Ujjwal Kalra of Veda Vyasa DAV Public School, Delhi, is a spiritualist. “I think there is need for it in our world. This is because of increasing terrorism, crimes, feeling of revenge etc. Already, the use of technology has increased, pollution has increased, oxygen has decreased so there is a need for meditation, yogasanas, spirituality and knowing your inner peace, power and that is the thing I follow.”
Rozal, Kalra’s schoolmate, says she works on being calm and listens to others. “By being calm you can handle your emotions and problems well.”
A n a n d i t a D w ive dy o f Hanuman Prasad Dhanuka Saraswati Balika Vidya Mandir in Vrindavan believes it’s easy to understand a person with values. “My values are very simple, they comprise of respecting my elders and being patient.”
Ambika Mishra of St Raphael’s Higher Secondary School, Indore, values lessons taught by her parents. “I cherish what they have taught me – stuff like how to milk a cow when we went to a village and how to fix a bicycle. it’s amazing,” she says. They wanted attention to be paid to students with special needs, demanded that gurukuls make a comeback and wondered why there was a difference between “big public schools and government schools.” Students attending an International Adolescent Summit on Life Skills, Values, Gender and School Wellbeing held at Summer Fields School in Kailash Colony, Delhi, took some time out for HT Education’s Young Minds At Work initiative, talking about what they would do if they were made education (HRD) minister for a day.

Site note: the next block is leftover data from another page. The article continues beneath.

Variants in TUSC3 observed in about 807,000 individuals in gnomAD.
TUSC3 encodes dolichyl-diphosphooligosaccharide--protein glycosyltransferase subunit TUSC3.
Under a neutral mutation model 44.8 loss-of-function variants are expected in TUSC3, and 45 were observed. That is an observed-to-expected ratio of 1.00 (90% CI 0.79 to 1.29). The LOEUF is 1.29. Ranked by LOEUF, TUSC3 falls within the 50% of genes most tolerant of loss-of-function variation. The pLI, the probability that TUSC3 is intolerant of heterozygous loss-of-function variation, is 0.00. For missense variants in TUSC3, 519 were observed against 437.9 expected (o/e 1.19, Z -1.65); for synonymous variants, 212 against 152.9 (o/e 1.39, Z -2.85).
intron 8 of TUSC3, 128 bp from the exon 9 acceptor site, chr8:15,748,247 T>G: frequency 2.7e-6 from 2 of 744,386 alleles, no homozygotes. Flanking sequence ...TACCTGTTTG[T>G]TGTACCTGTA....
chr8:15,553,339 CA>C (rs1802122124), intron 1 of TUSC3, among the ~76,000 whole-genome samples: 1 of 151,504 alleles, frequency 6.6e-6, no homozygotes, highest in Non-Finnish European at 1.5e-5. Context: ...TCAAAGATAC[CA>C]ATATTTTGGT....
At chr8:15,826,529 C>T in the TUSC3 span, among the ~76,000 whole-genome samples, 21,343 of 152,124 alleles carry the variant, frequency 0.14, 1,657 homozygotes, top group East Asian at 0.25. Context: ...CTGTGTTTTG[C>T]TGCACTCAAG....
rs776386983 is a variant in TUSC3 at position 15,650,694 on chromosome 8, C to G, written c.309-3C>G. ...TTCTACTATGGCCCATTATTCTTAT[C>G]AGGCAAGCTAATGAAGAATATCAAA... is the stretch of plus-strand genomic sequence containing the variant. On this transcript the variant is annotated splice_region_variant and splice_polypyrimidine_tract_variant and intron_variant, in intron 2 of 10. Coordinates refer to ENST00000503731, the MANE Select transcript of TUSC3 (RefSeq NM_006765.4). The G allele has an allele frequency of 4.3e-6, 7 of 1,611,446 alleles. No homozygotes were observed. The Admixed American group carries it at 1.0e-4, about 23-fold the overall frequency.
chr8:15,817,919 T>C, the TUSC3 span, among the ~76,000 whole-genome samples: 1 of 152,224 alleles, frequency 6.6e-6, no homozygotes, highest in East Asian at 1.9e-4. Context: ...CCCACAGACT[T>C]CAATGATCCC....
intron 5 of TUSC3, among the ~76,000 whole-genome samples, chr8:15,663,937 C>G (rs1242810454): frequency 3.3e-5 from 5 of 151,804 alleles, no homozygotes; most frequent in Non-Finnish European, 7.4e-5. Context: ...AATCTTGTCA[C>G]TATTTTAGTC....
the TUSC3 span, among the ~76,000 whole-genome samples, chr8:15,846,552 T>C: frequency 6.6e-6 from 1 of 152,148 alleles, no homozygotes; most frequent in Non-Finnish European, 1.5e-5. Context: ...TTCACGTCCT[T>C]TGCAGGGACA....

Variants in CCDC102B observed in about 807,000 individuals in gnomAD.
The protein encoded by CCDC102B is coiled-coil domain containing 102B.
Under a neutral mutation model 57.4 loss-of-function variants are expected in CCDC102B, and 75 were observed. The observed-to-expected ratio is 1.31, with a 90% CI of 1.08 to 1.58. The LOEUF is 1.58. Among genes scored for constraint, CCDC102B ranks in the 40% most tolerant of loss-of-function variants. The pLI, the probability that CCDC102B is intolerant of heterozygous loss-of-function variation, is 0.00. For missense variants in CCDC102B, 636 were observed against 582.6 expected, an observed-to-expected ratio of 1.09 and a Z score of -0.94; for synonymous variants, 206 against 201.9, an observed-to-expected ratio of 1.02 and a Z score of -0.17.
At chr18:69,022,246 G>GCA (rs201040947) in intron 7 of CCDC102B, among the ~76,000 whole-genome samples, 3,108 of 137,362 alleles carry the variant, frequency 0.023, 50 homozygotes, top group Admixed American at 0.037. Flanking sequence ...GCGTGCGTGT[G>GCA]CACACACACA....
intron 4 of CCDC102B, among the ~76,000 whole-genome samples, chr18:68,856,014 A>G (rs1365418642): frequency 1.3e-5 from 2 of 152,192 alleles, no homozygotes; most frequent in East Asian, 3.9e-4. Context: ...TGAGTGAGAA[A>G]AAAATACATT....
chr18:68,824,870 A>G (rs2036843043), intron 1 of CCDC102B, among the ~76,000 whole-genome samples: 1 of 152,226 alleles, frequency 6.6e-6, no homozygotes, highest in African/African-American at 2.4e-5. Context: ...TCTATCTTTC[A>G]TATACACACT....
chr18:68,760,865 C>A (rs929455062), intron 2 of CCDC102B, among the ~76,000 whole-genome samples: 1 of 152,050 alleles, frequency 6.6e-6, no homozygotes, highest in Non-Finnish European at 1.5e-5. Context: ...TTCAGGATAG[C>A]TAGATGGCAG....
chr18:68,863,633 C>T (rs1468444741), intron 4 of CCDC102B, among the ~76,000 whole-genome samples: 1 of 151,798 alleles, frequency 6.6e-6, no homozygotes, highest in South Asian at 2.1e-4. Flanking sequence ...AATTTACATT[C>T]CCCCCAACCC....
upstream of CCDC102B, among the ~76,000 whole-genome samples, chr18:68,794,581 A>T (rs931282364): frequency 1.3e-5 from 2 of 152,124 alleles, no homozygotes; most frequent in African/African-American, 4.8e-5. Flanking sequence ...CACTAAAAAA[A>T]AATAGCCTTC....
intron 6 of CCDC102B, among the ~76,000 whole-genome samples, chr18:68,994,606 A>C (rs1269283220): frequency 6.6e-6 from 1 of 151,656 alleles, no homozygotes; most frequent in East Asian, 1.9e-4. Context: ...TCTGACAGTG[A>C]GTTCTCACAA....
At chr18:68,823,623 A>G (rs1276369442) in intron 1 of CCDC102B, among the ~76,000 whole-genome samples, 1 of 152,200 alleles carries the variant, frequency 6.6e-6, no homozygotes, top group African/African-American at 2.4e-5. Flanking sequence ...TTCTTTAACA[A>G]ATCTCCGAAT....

Arun of Jawahar Navodaya Vidalaya, Mothuka, Faridabad said the medium of instruction of most government schools was Hindi – which created a problem for students giving entrance exams for management or medical insitutes as a working knowlege of English was required to write the papers. Joining an English coaching class was expensive and most students could not afford it. Also, teachers in government schools were highly qualified but they did not teach properly. As a minister, Arun said he would see to it that the teachers’children were also taught in their schools so they (teachers) would be forced to pay attention to teaching.
Bhavya Shah of Gopi Birla Memorial School, Mumbai, said he would as education minister bring about changes in terms of structure and systems of imparting education. It was necessary to make Howard Gardner’s multiple intelligences theory work in India to ensure“a child’s individual talents were discovered and accordingly education was customised and provided to him or her.”
A student with special needs himself, Shah promised t o pinpoint the best qualities in people with different abilities and disabilities and “impart knowledge to all of them using technology. There were tools and aids available through technology to make learning simpler for those with learning disabilities,” he said. All education boards of India would be “consolidated and together we can provide unified consolidated and excellent quality of learning to our youth.”
Shreetama Sur, a 10th grader from Delhi Public School, (DPS) Bengaluru South, said she would see to it that teachers did not take social anxiety or appearance disorders as mere disorders as they “are as dangerous as physical disorders.”
Teachers should not make someone with social anxiety speak in class. “I was a person who could not speak in front of cameras, but with the right help from teachers and institutions I can speak. However, forcing a person would not work. As minister I would definitely take up mental health issues,” she said.
Kavya of Srijan School, Delhi, wanted schools to follow ancient India’s Gurukul system, something like Guru Drona’s ashram where students went out and learned to deal with the hardships of life. Sandesh Dholakia from DPS Bhilai and Rashi from DPS Bengaluru South wanted to remove the rote learning concept.
“Children have to think creatively. Once they are curious, they would want to learn more,” Dholakia added.